That being the case, in learning to write for the public sector, the development of well crafted, logical justifications was a recurring task. It was the way to bring an issue to senior management and to seek approval to proceed with a proposed solution. And, might I say, what a great learning opportunity for an aspiring writer!

When I received confirmation that a business case or a justification I wrote (or co-wrote) was approved, it always took me back to childhood. It felt just like it did when I received a gold star on my report card.

To see an idea come to fruition was always so gratifying. Continue reading

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The Glitch of the Week

A close up shot of a computer keyboardIs it just me or have some eCommerce systems suddenly gone glitchy?

Just as I started settling into retirement, enjoying more free time to relax and to enjoy life, I regret that some of that reclaimed time is getting gobbled up, cleaning up after glitchy systems.

It seems that at least every week or two, I am on the phone (or communicating via chat-boxes) with different companies about system issues.

For example, I had an order cancelled without notification to me (and I was still waiting for it, weeks later). I had an order shipped to a nearby store location, but no notification that it had arrived (and was soon to be shipped back). I had several orders marked “undeliverable” when a given company had delivered parcels to our house countless times before.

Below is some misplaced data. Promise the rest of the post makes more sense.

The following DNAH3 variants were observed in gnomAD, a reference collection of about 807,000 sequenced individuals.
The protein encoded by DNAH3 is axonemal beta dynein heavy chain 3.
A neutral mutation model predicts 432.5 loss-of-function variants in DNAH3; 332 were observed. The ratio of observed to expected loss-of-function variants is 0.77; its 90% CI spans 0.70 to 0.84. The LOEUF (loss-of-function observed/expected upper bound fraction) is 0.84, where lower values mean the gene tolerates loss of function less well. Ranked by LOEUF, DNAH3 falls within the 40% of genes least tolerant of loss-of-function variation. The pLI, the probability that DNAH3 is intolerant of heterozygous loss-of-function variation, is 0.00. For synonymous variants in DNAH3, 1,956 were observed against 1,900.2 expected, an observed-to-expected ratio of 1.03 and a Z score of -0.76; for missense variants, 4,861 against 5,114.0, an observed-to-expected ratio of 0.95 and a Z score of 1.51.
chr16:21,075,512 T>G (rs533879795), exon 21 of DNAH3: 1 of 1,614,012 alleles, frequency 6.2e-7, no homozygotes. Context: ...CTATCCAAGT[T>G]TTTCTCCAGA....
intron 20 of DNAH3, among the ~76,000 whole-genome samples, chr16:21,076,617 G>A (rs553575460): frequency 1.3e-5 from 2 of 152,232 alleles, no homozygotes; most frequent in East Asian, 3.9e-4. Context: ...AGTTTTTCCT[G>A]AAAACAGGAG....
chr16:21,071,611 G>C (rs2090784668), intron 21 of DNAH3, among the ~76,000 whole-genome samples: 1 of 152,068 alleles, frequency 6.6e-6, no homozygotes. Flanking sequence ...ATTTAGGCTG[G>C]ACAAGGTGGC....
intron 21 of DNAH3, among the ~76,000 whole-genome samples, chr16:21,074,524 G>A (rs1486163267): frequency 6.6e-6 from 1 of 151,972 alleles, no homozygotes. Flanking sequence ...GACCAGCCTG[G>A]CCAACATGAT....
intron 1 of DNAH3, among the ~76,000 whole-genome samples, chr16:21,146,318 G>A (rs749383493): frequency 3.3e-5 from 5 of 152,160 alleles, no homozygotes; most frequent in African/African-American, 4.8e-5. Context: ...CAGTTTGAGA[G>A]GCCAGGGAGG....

Of course, none of these situations were catastrophic by any stretch of the imagination. There are far more serious problems in the world, and I do try to maintain a level-headed perspective in light of these situations.

I completely understand that mishaps happen and I am always willing to offer the benefit of the doubt. But when there seems to be surprising regularity to these mishaps, not isolated to a single company, it does make one wonder what is going on in the world of system development.

Have systems been ramped up too quickly to handle the onslaught on online shopping during the pandemic?

Are systems properly designed for every eventuality? Continue reading

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Kitchen Claustrophobia

a spread of party food sitting on a turquoise blue stovetopAm I the only one who suffers from kitchen claustrophobia… or is it acrophobia? Whatever the clinical term might be, I am referring to a fear of mountains of dishes, leaving little room to navigate.

It’s not a fear that causes me sleepless nights but I will admit that it does trigger a compulsion for keeping the kitchen as clutter-free as possible.

When I first moved out on my own, I always kept a pretty tidy bachelor pad. However I was a bit more lenient in the kitchen area. Without a dishwasher in my modest little galley kitchen, I sometimes let dishes go for a day or two, until there was enough to warrant pulling out the rubber gloves. After all, it was just me producing dishes, and I admit I became pretty frugal in my use of dishes (i.e., eating out of napkins or over the kitchen sink) to avoid accumulations.

But it didn’t take long for me to figure out that this approach was not entirely practical with a kitchen that was just slightly larger than a postage stamp.

Plus, when consuming all three meals at home (I lived just a couple of blocks from my office so I could easily dash home at lunch time), some pile ups came quickly. Continue reading

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Farewell My Long Johns

Scene of a winter wonderlandHave you ever noticed how there are some things that are so important at certain stages of our lives yet much less important in others?